UCPOP is systematic: it will never visit the same partial plan twice while searching. Cassandra, as described in this paper, is not systematic; it may visit some partial plans in the search space more than once. Consider again the plan to disarm a bomb that we discussed in Section 4.1. In this plan, there are two different ways of establishing the goal to disarm the bomb: by dunking package1, and by dunking package2. Cassandra can initially choose either way of establishing the goal, leading in each case to the introduction of a contingency and the necessity of replanning to achieve the goal in the other contingency. Both search paths arrive at the same final plan, so the search is not systematic.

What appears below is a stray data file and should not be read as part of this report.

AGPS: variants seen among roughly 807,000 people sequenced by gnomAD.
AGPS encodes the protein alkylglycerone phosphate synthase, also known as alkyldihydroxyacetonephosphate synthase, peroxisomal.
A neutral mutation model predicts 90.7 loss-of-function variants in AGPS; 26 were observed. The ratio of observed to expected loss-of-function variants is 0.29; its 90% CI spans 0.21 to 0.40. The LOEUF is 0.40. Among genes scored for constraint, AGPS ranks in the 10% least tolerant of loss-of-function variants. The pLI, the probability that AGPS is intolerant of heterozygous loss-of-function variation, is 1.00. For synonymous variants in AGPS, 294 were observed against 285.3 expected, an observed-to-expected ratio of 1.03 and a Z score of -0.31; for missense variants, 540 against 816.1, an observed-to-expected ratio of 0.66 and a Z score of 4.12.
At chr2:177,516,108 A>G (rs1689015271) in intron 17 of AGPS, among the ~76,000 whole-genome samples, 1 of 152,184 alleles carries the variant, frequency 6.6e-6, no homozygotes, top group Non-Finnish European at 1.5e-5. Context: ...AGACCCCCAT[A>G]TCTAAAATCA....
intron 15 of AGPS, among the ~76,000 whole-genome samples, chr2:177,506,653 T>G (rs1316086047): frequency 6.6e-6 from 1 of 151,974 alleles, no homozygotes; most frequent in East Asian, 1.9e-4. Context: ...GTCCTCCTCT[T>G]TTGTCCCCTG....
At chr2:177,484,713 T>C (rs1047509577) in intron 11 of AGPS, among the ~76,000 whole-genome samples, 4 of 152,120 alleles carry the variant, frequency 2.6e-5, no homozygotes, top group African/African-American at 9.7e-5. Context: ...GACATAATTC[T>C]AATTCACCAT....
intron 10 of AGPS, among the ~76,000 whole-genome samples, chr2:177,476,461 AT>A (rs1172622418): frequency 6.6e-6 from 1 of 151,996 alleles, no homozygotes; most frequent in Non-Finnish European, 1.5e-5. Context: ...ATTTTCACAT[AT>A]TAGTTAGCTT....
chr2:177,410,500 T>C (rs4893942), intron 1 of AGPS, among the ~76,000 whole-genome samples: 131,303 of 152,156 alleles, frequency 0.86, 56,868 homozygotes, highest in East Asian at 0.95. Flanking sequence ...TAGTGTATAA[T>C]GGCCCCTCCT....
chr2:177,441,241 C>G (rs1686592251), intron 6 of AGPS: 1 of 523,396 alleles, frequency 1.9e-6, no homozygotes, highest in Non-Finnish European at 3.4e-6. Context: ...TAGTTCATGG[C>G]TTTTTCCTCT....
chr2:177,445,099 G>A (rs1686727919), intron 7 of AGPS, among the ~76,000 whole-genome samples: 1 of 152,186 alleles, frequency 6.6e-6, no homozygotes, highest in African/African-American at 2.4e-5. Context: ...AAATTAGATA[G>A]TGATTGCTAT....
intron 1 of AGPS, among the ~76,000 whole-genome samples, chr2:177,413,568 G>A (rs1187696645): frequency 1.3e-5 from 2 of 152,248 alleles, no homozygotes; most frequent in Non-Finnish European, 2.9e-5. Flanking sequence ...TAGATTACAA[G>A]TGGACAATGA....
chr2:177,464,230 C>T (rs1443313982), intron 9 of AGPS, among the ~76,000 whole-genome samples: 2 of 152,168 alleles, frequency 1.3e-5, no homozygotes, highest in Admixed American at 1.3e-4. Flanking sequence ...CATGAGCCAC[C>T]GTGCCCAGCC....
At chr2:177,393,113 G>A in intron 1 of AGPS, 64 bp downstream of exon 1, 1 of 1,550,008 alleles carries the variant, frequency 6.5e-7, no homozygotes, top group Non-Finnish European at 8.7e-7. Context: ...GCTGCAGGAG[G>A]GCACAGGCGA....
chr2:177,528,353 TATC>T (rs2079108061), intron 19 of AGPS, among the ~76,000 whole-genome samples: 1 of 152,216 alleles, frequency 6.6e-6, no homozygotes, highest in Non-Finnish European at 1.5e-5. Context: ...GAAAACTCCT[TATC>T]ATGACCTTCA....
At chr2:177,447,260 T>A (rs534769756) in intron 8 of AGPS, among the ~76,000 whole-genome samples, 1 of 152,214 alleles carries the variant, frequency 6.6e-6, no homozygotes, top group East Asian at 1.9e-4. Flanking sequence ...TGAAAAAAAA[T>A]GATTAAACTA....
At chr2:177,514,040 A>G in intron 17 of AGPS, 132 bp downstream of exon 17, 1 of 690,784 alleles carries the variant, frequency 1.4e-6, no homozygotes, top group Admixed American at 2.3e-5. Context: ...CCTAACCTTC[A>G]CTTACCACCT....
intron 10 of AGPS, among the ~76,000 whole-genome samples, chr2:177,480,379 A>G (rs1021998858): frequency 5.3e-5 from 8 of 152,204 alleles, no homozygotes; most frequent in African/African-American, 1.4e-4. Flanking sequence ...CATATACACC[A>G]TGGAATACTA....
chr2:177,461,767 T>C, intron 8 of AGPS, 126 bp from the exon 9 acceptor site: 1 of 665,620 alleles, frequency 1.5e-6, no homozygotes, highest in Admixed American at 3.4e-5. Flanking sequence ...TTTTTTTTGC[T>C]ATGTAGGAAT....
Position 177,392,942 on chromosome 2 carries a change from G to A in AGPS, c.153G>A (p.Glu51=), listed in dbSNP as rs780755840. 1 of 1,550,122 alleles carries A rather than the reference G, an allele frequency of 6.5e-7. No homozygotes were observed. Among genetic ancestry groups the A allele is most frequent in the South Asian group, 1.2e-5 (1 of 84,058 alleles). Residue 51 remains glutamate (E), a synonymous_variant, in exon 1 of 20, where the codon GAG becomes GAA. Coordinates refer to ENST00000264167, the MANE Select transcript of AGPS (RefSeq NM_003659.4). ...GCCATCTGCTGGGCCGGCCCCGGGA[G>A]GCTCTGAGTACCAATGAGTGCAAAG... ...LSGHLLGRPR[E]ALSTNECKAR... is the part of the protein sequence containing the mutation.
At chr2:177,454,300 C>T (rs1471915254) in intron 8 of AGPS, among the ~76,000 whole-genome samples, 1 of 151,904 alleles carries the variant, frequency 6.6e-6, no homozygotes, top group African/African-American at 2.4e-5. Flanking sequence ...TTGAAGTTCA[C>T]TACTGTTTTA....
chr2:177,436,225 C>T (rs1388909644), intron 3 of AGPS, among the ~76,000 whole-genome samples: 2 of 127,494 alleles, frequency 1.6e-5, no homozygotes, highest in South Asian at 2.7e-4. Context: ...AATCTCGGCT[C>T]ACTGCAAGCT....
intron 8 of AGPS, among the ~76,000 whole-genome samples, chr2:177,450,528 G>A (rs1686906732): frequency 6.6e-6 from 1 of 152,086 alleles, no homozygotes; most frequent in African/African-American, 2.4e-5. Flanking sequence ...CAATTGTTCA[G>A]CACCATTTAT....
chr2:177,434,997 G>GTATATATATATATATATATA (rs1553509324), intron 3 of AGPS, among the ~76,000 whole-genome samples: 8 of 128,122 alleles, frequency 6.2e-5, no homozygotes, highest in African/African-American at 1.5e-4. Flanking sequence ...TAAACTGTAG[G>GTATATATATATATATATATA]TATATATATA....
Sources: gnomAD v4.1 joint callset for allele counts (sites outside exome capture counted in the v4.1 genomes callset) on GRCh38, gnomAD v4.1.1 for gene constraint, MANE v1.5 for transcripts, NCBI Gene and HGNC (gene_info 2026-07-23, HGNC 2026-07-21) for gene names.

Cassandra could be made systematic by insisting on handling the contingencies only in a certain order, the search path that uses the other order being treated as a dead end. However, this extension has not been added as there is currently some debate as to the desirability of systematicity. For example, Langley  argues that a non-systematic search method, iterative sampling, is often better than a systematic method, depth-first search, for problems which have multiple solutions and deep solution paths. Peot and Smith  observe that the performance of a non-systematic version of was better than that of the original systematic version. They ascribed this behavior to the fact that exploring duplicate plans consumed less overhead than did ensuring systematicity.